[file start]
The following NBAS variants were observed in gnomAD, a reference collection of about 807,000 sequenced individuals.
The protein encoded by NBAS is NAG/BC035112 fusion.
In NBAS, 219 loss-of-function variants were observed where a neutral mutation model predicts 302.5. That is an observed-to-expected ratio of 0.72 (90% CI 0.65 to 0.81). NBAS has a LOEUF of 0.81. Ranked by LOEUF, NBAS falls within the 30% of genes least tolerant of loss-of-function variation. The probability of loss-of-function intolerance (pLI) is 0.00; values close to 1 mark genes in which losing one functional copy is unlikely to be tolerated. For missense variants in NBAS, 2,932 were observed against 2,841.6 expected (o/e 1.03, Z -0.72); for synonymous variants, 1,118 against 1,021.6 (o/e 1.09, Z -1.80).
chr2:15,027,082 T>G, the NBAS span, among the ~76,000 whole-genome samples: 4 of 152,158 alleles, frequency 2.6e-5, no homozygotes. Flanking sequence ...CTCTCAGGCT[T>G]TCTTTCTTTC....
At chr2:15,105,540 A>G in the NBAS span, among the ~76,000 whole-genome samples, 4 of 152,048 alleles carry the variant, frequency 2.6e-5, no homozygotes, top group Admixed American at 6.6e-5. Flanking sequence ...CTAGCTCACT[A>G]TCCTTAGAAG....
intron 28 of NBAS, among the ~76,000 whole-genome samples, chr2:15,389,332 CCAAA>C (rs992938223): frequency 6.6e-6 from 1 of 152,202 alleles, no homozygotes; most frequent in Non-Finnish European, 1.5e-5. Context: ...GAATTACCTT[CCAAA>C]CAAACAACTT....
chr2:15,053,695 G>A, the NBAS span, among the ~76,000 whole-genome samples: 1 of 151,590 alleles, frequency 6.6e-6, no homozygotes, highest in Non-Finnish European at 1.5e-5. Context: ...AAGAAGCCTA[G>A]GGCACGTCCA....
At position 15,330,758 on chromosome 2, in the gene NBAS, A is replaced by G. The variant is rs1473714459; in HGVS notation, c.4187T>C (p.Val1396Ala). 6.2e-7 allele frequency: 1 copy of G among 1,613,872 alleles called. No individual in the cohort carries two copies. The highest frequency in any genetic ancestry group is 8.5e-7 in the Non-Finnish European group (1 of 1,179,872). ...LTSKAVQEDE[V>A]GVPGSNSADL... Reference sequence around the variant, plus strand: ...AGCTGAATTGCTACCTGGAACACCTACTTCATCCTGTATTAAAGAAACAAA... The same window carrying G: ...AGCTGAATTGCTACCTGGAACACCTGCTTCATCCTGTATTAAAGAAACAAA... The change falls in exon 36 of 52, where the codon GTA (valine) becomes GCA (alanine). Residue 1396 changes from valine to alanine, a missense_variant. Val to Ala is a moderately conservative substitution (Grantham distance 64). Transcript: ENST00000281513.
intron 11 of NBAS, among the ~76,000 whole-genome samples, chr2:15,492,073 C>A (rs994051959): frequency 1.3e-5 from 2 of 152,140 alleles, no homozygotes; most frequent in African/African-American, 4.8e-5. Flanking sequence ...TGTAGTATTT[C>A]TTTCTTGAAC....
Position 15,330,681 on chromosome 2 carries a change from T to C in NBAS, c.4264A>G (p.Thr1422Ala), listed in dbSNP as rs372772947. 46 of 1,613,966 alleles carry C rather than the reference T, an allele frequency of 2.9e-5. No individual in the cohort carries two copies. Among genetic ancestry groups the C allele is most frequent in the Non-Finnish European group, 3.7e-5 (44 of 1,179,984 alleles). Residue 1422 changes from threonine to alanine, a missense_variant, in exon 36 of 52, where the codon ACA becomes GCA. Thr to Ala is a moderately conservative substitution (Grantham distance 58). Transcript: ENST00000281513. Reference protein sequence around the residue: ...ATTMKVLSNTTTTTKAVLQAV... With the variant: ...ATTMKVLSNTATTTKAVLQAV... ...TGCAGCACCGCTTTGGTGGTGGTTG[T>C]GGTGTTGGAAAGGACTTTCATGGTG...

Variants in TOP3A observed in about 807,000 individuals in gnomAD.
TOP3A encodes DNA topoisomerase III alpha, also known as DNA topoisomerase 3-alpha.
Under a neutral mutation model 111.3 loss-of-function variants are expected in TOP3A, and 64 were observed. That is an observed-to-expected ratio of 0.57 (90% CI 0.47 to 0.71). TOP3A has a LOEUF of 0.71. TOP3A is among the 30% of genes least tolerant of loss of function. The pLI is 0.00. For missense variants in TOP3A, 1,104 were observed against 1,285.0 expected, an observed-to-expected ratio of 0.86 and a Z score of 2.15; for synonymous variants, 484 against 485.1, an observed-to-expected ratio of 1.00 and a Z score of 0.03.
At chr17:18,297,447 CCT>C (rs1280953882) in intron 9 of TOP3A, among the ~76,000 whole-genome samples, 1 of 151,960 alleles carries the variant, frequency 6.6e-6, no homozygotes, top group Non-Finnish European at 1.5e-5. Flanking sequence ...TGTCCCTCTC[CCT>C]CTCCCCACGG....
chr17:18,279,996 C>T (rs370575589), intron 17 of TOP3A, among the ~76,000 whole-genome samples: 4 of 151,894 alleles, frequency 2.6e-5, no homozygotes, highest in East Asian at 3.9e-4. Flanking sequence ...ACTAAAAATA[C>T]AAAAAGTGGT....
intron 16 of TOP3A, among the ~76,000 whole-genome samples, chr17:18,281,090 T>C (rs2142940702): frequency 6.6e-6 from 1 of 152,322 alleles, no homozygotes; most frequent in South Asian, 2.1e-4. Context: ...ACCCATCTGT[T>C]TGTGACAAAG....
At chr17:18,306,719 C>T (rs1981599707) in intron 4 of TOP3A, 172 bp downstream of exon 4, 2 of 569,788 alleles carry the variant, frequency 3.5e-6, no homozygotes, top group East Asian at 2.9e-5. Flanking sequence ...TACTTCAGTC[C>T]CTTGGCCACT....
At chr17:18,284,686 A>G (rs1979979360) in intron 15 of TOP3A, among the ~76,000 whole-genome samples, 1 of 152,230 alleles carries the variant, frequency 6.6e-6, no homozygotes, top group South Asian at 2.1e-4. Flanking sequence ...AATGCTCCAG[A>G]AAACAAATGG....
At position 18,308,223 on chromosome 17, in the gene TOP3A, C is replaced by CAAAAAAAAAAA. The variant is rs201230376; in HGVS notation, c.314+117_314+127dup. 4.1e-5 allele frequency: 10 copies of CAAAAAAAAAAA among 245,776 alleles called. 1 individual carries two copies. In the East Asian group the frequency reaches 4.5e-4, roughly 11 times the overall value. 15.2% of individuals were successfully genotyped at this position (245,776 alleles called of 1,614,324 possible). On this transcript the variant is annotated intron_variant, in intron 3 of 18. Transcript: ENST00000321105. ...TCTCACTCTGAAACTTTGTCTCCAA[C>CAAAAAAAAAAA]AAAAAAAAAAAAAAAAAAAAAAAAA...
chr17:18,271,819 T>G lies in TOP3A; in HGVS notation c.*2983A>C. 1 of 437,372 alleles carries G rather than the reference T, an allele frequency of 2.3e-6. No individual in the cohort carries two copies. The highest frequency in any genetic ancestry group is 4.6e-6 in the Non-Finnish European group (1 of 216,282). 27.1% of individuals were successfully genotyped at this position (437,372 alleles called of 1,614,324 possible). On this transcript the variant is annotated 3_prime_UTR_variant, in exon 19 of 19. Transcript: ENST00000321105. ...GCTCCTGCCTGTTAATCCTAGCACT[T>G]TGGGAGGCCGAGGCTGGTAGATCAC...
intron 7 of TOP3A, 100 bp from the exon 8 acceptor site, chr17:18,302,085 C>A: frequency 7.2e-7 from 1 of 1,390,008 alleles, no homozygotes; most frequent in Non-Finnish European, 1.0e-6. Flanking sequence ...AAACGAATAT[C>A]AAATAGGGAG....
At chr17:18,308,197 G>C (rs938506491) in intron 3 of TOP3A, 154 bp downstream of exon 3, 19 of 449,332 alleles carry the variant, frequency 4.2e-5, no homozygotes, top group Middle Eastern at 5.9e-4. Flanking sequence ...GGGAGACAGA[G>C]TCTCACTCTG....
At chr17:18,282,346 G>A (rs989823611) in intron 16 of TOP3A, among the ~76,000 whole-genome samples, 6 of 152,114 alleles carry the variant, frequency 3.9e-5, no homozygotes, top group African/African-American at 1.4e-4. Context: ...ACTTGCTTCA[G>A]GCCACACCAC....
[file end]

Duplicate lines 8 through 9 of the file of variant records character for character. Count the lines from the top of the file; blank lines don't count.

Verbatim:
At position 15,330,758 on chromosome 2, in the gene NBAS, A is replaced by G. The variant is rs1473714459; in HGVS notation, c.4187T>C (p.Val1396Ala). 6.2e-7 allele frequency: 1 copy of G among 1,613,872 alleles called. No individual in the cohort carries two copies. The highest frequency in any genetic ancestry group is 8.5e-7 in the Non-Finnish European group (1 of 1,179,872). ...LTSKAVQEDE[V>A]GVPGSNSADL... Reference sequence around the variant, plus strand: ...AGCTGAATTGCTACCTGGAACACCTACTTCATCCTGTATTAAAGAAACAAA... The same window carrying G: ...AGCTGAATTGCTACCTGGAACACCTGCTTCATCCTGTATTAAAGAAACAAA... The change falls in exon 36 of 52, where the codon GTA (valine) becomes GCA (alanine). Residue 1396 changes from valine to alanine, a missense_variant. Val to Ala is a moderately conservative substitution (Grantham distance 64). Transcript: ENST00000281513.
intron 11 of NBAS, among the ~76,000 whole-genome samples, chr2:15,492,073 C>A (rs994051959): frequency 1.3e-5 from 2 of 152,140 alleles, no homozygotes; most frequent in African/African-American, 4.8e-5. Flanking sequence ...TGTAGTATTT[C>A]TTTCTTGAAC....